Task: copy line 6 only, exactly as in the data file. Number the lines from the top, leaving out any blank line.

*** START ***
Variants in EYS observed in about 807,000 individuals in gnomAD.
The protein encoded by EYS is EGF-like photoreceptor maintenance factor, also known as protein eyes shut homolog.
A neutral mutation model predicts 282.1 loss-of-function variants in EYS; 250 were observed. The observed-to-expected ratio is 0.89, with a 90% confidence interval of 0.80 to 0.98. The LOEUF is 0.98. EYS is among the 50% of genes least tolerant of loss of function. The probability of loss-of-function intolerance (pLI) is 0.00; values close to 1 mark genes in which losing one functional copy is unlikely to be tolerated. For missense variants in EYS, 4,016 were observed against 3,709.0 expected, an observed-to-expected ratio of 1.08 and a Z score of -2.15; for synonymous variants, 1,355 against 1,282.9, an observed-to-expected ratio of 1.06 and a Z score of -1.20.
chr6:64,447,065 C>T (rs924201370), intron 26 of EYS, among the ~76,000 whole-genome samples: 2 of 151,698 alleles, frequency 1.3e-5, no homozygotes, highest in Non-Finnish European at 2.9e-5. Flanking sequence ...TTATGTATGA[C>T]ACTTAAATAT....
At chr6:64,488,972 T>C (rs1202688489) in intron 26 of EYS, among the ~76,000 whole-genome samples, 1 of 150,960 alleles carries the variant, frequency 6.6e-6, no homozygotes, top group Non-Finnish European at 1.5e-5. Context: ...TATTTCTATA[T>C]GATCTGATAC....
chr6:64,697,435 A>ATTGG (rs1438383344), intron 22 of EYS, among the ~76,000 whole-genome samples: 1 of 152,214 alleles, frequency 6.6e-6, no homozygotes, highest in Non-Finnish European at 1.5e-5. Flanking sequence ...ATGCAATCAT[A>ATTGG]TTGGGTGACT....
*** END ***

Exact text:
chr6:64,697,435 A>ATTGG (rs1438383344), intron 22 of EYS, among the ~76,000 whole-genome samples: 1 of 152,214 alleles, frequency 6.6e-6, no homozygotes, highest in Non-Finnish European at 1.5e-5. Flanking sequence ...ATGCAATCAT[A>ATTGG]TTGGGTGACT....